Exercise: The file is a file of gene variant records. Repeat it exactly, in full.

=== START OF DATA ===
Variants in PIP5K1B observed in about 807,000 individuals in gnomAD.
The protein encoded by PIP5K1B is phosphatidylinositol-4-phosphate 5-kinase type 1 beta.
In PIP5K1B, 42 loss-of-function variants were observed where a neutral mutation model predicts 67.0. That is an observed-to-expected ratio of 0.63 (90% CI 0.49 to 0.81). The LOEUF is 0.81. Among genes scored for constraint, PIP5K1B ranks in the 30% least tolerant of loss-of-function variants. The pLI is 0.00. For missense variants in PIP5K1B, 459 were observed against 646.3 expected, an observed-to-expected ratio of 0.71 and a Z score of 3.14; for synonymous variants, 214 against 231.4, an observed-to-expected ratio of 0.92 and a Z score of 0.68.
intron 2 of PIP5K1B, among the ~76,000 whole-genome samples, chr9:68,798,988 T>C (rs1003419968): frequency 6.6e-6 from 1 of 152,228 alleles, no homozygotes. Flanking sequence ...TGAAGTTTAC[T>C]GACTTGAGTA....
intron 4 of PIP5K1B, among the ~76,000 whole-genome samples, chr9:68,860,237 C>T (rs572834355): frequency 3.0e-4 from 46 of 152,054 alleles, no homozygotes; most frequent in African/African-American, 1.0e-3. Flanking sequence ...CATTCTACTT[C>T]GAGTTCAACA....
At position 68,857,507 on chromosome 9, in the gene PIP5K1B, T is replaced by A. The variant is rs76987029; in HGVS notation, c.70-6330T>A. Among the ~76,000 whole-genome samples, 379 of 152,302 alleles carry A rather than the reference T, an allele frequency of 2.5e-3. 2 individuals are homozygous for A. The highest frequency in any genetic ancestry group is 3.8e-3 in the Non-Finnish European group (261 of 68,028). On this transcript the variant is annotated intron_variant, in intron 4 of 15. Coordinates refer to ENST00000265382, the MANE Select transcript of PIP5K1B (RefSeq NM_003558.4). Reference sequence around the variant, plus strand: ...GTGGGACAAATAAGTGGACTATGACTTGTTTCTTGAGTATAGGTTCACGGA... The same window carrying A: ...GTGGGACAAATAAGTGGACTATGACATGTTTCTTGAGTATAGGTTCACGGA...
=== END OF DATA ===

Variants in PIP5K1B observed in about 807,000 individuals in gnomAD.
The protein encoded by PIP5K1B is phosphatidylinositol-4-phosphate 5-kinase type 1 beta.
In PIP5K1B, 42 loss-of-function variants were observed where a neutral mutation model predicts 67.0. That is an observed-to-expected ratio of 0.63 (90% CI 0.49 to 0.81). The LOEUF is 0.81. Among genes scored for constraint, PIP5K1B ranks in the 30% least tolerant of loss-of-function variants. The pLI is 0.00. For missense variants in PIP5K1B, 459 were observed against 646.3 expected, an observed-to-expected ratio of 0.71 and a Z score of 3.14; for synonymous variants, 214 against 231.4, an observed-to-expected ratio of 0.92 and a Z score of 0.68.
intron 2 of PIP5K1B, among the ~76,000 whole-genome samples, chr9:68,798,988 T>C (rs1003419968): frequency 6.6e-6 from 1 of 152,228 alleles, no homozygotes. Flanking sequence ...TGAAGTTTAC[T>C]GACTTGAGTA....
intron 4 of PIP5K1B, among the ~76,000 whole-genome samples, chr9:68,860,237 C>T (rs572834355): frequency 3.0e-4 from 46 of 152,054 alleles, no homozygotes; most frequent in African/African-American, 1.0e-3. Flanking sequence ...CATTCTACTT[C>T]GAGTTCAACA....
At position 68,857,507 on chromosome 9, in the gene PIP5K1B, T is replaced by A. The variant is rs76987029; in HGVS notation, c.70-6330T>A. Among the ~76,000 whole-genome samples, 379 of 152,302 alleles carry A rather than the reference T, an allele frequency of 2.5e-3. 2 individuals are homozygous for A. The highest frequency in any genetic ancestry group is 3.8e-3 in the Non-Finnish European group (261 of 68,028). On this transcript the variant is annotated intron_variant, in intron 4 of 15. Coordinates refer to ENST00000265382, the MANE Select transcript of PIP5K1B (RefSeq NM_003558.4). Reference sequence around the variant, plus strand: ...GTGGGACAAATAAGTGGACTATGACTTGTTTCTTGAGTATAGGTTCACGGA... The same window carrying A: ...GTGGGACAAATAAGTGGACTATGACATGTTTCTTGAGTATAGGTTCACGGA...